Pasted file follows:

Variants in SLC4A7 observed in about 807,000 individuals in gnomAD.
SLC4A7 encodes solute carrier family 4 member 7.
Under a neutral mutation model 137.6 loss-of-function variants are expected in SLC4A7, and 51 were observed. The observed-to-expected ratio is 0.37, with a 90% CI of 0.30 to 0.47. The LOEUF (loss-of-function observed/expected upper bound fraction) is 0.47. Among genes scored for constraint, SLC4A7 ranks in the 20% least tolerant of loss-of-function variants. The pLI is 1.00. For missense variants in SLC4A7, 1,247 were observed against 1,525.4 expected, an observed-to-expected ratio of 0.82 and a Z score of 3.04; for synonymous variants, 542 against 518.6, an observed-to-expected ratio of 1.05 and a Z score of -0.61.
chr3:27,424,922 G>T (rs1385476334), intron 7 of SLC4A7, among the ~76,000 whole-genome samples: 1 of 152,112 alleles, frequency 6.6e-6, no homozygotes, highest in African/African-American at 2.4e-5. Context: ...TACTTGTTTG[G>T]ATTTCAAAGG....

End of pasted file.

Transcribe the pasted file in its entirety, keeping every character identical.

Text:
Variants in SLC4A7 observed in about 807,000 individuals in gnomAD.
SLC4A7 encodes solute carrier family 4 member 7.
Under a neutral mutation model 137.6 loss-of-function variants are expected in SLC4A7, and 51 were observed. The observed-to-expected ratio is 0.37, with a 90% CI of 0.30 to 0.47. The LOEUF (loss-of-function observed/expected upper bound fraction) is 0.47. Among genes scored for constraint, SLC4A7 ranks in the 20% least tolerant of loss-of-function variants. The pLI is 1.00. For missense variants in SLC4A7, 1,247 were observed against 1,525.4 expected, an observed-to-expected ratio of 0.82 and a Z score of 3.04; for synonymous variants, 542 against 518.6, an observed-to-expected ratio of 1.05 and a Z score of -0.61.
chr3:27,424,922 G>T (rs1385476334), intron 7 of SLC4A7, among the ~76,000 whole-genome samples: 1 of 152,112 alleles, frequency 6.6e-6, no homozygotes, highest in African/African-American at 2.4e-5. Context: ...TACTTGTTTG[G>T]ATTTCAAAGG....